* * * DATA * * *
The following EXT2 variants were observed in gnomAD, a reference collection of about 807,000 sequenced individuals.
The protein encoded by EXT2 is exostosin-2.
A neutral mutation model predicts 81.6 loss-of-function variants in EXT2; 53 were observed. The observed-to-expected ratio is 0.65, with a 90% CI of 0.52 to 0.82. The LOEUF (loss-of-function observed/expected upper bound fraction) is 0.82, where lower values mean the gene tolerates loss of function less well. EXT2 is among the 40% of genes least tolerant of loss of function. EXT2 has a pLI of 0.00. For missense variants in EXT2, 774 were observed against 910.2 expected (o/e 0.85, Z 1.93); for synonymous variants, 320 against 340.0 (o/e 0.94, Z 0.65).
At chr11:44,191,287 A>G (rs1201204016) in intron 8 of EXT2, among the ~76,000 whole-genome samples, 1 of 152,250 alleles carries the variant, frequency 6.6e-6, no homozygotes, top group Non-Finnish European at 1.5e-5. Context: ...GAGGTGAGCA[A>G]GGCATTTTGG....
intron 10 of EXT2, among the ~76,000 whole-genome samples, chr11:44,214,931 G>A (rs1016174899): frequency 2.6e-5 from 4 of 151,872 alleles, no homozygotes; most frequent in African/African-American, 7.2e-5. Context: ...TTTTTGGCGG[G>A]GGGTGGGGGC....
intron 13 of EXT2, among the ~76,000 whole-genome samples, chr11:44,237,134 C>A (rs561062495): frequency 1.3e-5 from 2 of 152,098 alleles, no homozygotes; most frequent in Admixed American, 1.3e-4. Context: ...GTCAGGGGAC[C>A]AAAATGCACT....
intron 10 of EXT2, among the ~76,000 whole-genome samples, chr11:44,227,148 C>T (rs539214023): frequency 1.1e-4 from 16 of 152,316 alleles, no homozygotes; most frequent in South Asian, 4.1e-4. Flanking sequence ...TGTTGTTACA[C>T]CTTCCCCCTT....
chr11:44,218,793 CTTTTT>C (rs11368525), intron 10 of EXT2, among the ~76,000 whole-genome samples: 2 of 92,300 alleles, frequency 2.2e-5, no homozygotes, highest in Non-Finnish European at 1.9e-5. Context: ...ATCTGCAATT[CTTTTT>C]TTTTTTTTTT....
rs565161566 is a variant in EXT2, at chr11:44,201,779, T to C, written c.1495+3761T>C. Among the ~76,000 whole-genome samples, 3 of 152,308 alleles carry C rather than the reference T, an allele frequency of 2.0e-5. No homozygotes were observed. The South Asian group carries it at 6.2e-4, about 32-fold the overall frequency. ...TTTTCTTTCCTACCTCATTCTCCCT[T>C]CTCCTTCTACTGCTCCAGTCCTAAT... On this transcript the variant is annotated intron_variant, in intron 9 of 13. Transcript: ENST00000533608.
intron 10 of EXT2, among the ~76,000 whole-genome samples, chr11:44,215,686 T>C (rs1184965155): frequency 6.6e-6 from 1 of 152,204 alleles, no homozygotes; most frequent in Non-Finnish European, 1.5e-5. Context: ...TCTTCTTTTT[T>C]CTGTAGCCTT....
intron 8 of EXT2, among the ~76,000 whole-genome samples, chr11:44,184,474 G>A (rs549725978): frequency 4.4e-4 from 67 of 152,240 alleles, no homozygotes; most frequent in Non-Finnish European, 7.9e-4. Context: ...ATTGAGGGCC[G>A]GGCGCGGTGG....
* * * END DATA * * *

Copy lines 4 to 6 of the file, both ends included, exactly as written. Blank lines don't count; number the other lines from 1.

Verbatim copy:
At chr11:44,191,287 A>G (rs1201204016) in intron 8 of EXT2, among the ~76,000 whole-genome samples, 1 of 152,250 alleles carries the variant, frequency 6.6e-6, no homozygotes, top group Non-Finnish European at 1.5e-5. Context: ...GAGGTGAGCA[A>G]GGCATTTTGG....
intron 10 of EXT2, among the ~76,000 whole-genome samples, chr11:44,214,931 G>A (rs1016174899): frequency 2.6e-5 from 4 of 151,872 alleles, no homozygotes; most frequent in African/African-American, 7.2e-5. Context: ...TTTTTGGCGG[G>A]GGGTGGGGGC....
intron 13 of EXT2, among the ~76,000 whole-genome samples, chr11:44,237,134 C>A (rs561062495): frequency 1.3e-5 from 2 of 152,098 alleles, no homozygotes; most frequent in Admixed American, 1.3e-4. Context: ...GTCAGGGGAC[C>A]AAAATGCACT....